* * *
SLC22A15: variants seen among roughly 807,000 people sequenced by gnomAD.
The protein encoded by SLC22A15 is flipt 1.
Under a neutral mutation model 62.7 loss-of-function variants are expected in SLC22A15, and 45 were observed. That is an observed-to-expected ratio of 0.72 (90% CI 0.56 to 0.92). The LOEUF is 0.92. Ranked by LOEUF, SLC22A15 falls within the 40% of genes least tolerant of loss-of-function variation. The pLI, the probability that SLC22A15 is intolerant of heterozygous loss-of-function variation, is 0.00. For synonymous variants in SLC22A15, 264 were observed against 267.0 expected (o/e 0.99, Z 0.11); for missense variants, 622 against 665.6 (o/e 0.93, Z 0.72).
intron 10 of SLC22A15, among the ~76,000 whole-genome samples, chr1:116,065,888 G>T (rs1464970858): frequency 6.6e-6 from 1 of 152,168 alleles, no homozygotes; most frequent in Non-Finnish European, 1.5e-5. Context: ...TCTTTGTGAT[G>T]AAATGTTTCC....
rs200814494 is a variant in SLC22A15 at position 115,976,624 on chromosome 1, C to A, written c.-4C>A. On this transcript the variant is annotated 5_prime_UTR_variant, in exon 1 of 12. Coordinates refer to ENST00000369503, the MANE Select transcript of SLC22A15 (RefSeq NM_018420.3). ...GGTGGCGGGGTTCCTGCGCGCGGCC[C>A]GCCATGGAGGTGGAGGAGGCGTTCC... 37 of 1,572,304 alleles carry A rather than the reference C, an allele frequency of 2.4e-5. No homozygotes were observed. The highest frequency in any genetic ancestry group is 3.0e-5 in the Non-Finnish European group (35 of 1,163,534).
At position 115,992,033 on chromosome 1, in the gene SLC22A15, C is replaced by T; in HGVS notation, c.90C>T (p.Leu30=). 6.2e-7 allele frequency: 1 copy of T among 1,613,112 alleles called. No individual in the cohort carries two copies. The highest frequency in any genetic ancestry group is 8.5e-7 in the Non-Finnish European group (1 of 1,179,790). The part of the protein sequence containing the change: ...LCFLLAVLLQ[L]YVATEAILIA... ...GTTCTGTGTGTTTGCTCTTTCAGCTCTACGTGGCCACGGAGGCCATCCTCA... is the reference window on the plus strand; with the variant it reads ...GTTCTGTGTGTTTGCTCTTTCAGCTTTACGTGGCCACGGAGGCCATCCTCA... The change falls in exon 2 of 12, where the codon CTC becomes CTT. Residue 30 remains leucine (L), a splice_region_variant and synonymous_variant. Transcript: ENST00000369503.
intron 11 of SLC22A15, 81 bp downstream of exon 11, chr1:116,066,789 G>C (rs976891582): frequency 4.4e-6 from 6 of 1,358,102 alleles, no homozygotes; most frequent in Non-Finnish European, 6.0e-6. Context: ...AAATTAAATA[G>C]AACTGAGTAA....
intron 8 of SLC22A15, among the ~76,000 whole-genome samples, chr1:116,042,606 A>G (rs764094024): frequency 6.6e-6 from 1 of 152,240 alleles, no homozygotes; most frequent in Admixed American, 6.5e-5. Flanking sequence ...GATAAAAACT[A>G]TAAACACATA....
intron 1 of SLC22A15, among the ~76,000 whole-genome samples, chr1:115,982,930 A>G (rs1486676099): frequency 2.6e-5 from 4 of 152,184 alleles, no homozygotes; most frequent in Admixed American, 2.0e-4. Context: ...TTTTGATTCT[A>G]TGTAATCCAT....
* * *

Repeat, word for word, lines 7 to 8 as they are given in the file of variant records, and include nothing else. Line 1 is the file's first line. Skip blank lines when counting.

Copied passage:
intron 11 of SLC22A15, 81 bp downstream of exon 11, chr1:116,066,789 G>C (rs976891582): frequency 4.4e-6 from 6 of 1,358,102 alleles, no homozygotes; most frequent in Non-Finnish European, 6.0e-6. Context: ...AAATTAAATA[G>C]AACTGAGTAA....
intron 8 of SLC22A15, among the ~76,000 whole-genome samples, chr1:116,042,606 A>G (rs764094024): frequency 6.6e-6 from 1 of 152,240 alleles, no homozygotes; most frequent in Admixed American, 6.5e-5. Flanking sequence ...GATAAAAACT[A>G]TAAACACATA....